Although summer is winding down, warm weather continues (at least for a little while). With warmer weather, this brings people out of their homes and out into the community. With that, the streets are being shared with pedestrians and cars. As such, pedestrian injuries occur. This article will shed some light on pedestrian injuries and what steps to take to ensure the proper handling of these claims.
In the state of Minnesota, pedestrian is defined as “any person afoot or in a wheelchair”. In the event a pedestrian accident does occur, the first insurance company to contact is your own car insurance. As I have stated in previous articles, Minnesota is a No-Fault state when it comes to accidents involving motorized vehicles. As such, regardless of who is at fault for the accident, your own insurance company will provide certain benefits. If you require medical assistance, provide the claim number to the appropriate clinic and your own insurance will pay for the treatment so long as it’s related to injuries stemming from the motor vehicle accident and the treatment does not exceed $20,000.00. It is important to understand that No-Fault medical coverage caps out at $20,000.00 per vehicle unless you have stacking coverage, which isn’t common. No-Fault also protects the injured by providing wage loss coverage if the motor vehicle accident requires the injured to miss work and this includes missing time to attend medical visits (also typically capped at $20,000.00).
From a liability standpoint, motor vehicles and pedestrians must share the streets equally and exercise reasonable care from each perspective. From a pedestrian’s perspective, they must observe all street signs and rules to avoid contributing to the accident with their own unreasonable behavior. From a driver’s perspective, they must also observe all traffic rules and operate the motor vehicle with reasonable care.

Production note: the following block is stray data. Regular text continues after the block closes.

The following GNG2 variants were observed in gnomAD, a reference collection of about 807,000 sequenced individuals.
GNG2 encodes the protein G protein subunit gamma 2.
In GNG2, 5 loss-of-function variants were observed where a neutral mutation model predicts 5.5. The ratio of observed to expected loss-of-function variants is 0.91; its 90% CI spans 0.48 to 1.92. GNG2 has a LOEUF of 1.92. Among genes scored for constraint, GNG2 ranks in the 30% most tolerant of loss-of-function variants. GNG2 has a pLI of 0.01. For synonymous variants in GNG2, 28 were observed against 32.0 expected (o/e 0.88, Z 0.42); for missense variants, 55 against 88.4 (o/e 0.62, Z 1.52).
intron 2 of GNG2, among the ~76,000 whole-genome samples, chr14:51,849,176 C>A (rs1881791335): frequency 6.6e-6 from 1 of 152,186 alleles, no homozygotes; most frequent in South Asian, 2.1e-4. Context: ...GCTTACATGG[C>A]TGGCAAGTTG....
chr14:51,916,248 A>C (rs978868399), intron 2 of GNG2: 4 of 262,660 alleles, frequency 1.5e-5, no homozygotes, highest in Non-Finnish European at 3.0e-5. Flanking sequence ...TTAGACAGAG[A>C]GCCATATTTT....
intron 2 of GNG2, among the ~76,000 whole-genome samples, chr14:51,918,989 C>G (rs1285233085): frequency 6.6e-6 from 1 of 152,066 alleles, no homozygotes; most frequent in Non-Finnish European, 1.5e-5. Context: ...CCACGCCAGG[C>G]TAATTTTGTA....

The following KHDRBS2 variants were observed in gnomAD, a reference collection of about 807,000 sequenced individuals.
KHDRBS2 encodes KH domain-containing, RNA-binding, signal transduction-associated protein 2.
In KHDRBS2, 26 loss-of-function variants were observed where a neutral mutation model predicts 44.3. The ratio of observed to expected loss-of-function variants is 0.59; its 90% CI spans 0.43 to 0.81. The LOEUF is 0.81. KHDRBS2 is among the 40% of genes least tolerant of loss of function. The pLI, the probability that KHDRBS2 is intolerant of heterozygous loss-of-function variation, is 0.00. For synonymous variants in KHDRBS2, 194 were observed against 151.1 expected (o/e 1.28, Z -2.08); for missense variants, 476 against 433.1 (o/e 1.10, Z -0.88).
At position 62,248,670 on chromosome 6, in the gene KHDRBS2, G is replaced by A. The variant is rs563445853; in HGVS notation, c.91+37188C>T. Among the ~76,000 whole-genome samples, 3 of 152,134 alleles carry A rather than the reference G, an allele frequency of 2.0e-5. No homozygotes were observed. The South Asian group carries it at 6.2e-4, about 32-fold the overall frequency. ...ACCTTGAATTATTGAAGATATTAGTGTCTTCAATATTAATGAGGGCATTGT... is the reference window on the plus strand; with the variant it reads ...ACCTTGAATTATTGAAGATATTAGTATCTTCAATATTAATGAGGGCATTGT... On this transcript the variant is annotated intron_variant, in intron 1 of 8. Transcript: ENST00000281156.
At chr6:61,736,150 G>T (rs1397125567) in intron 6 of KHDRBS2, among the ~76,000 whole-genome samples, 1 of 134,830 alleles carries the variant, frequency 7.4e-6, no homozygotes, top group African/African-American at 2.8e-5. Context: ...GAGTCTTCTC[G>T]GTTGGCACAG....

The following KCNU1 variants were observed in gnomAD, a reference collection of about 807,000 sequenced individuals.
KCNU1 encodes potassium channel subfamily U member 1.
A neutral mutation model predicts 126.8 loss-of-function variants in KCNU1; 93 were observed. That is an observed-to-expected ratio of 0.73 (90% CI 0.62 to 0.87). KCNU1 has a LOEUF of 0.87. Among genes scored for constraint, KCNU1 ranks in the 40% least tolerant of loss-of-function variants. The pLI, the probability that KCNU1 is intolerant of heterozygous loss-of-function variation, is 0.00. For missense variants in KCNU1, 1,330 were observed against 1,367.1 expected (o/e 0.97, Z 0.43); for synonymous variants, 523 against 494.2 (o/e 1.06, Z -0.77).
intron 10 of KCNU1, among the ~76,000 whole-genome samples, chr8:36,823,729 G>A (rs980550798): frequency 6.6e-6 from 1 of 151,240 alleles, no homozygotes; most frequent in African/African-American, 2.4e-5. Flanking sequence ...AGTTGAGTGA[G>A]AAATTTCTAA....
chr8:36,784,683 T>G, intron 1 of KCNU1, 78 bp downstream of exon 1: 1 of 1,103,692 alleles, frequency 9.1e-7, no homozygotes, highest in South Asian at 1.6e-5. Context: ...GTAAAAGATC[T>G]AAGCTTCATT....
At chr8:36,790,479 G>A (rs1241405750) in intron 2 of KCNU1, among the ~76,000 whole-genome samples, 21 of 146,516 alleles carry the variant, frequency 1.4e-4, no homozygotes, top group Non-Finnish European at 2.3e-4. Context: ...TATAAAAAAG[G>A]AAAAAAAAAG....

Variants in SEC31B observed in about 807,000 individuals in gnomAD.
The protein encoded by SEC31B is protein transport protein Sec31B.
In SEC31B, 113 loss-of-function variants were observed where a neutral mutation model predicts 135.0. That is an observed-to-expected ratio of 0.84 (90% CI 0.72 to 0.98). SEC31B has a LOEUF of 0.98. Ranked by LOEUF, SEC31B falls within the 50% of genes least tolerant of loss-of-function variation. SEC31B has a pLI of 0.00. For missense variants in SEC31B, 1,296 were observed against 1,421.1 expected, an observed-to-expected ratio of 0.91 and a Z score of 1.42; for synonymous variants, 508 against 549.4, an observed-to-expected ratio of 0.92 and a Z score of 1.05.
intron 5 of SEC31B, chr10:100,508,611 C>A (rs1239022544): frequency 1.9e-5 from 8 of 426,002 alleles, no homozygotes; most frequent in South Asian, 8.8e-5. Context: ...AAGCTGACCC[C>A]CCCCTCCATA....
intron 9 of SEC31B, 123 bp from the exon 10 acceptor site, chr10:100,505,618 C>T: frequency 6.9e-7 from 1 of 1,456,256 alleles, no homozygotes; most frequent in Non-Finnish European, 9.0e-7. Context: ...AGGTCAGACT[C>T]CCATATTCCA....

In order to file a claim against the other involved parties’ insurance, the pedestrian must prove they were more at fault than themselves for the accident. Right of way is the primary argument between pedestrian and motor vehicle when a lawsuit arises. A common misperception is that pedestrians always have the right of way. While it is true, a driver must exercise a greater degree of care given the inherent risk of operating a motor vehicle, a pedestrian will not be shielded from liability if he/she contributed to the accident. When dealing with crosswalks, pedestrians have the right of way when crossing in a crosswalk, but may not suddenly leave the curb when a vehicle is approaching and expect to maintain their right of way. When crosswalks have signals of “Walk” and “Do Not Walk”, a pedestrian is forbidden from crossing the street when the signal reads “Do Not Walk”. With all that said a greater degree of care is afforded for children and elderly and blind and deaf pedestrians always have the right of way.
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